Lias Andersson has won Gold. The nineteen-year-old New York Ranger forward was a member of the Swedish men’s national hockey team, which just won the 2018 World Hockey Championship. Why it is worth mentioning is because earlier this year Andersson, as a member of the runner-up Swedish team in the 2018 World Junior Championship, threw his silver medal away into the stands after he was awarded it (causing no end of comment).
I completely understood Andersson’s action. Losing always stinks, but it is most rancid when one comes up short in the finals of a tournament. Wait!—make that most rancid coming in second in the World Junior Hockey Championship. Let me explain.
I happened to watch on TV the championship game in 2017 between the United States junior team and the Canadian junior team, which the US won. At the end of the game, after the ritual handshakes the teams had to line up at the opposite blue lines while an excruciatingly long series of events transpired, which, if I remember correctly, went something like this:
There was the playing of the national anthems;
The flags of the gold, silver, and bronze medalists were raised to the rafters;
The best player from each team was honored;
The tournament’s best players at each position were honored;
The tournament’s Most Valuable Player award was given out;
The suits of the tournament and the commercial sponsors lined up to receive awards;
The on-ice officials were given medals;
The losing team lined up to have the silver medals placed around their necks;
The winning team lined up to have the gold medals placed around their necks.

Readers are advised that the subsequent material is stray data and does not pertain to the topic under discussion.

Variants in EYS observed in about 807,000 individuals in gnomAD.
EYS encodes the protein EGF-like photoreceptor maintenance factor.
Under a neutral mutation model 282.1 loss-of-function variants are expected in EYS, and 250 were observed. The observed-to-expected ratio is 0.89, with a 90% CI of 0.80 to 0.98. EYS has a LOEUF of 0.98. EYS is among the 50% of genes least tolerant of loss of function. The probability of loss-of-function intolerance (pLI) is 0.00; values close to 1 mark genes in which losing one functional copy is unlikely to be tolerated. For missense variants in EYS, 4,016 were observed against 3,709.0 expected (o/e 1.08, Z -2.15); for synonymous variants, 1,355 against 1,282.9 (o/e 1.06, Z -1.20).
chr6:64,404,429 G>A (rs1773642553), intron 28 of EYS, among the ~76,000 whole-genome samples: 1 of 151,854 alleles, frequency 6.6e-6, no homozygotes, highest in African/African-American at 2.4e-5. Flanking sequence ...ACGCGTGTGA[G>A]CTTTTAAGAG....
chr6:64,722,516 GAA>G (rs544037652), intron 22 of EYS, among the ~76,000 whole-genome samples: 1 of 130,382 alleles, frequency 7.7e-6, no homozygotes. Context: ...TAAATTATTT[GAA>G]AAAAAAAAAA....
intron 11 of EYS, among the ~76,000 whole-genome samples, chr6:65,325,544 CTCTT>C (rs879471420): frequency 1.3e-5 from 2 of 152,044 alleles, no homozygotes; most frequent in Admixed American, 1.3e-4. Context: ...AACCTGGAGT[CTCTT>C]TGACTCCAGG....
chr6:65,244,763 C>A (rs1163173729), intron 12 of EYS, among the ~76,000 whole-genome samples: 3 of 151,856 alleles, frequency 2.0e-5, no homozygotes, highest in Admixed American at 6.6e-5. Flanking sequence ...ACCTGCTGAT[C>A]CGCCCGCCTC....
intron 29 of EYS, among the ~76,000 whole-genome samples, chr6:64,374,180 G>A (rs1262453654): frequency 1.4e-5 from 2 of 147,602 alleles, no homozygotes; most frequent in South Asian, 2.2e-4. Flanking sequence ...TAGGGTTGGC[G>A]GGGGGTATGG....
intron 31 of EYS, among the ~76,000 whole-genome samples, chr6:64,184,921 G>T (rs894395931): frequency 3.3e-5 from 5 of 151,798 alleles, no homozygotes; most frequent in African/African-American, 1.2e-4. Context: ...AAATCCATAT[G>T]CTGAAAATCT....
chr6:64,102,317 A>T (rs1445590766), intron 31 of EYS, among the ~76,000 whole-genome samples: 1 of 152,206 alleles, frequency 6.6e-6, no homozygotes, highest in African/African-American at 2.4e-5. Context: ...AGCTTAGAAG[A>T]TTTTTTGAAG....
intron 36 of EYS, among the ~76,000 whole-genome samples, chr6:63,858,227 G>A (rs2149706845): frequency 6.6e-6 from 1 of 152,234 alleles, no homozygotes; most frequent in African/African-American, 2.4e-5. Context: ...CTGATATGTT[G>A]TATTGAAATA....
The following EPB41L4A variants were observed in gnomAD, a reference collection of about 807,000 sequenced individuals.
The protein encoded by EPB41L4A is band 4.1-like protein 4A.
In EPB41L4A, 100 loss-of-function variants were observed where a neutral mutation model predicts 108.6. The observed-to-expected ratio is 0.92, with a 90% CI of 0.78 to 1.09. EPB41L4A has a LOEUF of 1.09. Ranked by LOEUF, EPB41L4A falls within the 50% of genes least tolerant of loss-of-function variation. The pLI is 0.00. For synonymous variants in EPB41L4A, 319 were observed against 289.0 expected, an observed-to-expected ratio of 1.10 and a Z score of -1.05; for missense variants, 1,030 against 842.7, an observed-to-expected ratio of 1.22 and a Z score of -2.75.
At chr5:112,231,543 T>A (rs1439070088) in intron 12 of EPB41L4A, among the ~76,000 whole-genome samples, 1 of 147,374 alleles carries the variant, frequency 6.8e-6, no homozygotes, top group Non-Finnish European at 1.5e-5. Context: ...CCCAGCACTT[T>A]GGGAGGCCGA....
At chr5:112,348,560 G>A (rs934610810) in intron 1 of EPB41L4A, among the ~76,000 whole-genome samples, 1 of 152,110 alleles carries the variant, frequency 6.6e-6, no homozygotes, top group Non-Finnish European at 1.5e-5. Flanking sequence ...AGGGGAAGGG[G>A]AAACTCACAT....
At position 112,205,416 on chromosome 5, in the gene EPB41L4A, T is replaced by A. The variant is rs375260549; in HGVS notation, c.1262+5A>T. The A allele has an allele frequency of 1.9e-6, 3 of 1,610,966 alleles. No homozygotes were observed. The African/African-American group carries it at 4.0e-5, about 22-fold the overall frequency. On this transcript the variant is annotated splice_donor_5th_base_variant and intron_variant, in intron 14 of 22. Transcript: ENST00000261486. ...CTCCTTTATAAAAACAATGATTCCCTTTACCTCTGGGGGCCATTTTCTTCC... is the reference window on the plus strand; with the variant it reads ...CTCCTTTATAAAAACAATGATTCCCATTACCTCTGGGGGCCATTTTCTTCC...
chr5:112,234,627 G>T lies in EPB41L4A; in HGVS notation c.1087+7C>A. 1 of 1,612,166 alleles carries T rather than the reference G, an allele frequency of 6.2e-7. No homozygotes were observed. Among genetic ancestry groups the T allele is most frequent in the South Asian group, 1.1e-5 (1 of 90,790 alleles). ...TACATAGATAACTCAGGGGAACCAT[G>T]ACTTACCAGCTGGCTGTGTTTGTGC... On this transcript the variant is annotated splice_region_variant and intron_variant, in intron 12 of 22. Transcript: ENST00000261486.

(And whatever else I’ve forgotten—probably awards to the best popcorn seller and most efficient valet parking attendant.)
And for most of the time, there were the players of the losing Canadian team—all teenagers—having to stand there, lined up on the most disappointing day of their sporting lives, trying to bear up to hollowness in their hearts, while bravely fighting back against displaying bitter tears.
Bad enough if one only had to shake hands with one’s conquerers before being able to skate off to the privacy of the team’s dressing room. But to have to stand and stand and stand in the middle of the arena while a load of ceremonial nonsense is going on . . .
It was truly painful to watch.
I felt for them.
Some years ago I was with a friend whose neighbor, Barbara W., had just arrived home from the county tennis tournament with her trophy. Unfortunately for that fine tennis player, it was the runner-up award. When we entered her apartment Barbara, all of a dither, looked around to find a place to put it. No, it couldn’t go into the cabinet with her championship silverware; it might pollute the other awards. Finally she found an obscure corner of a shelf across the room. I imagine it is still there, but covered today with dust.
So, Lias, I understand why you threw away the silver medal. And I imagine that if Barbara could have found the right spot near the tennis court, she would have ditched her trophy too.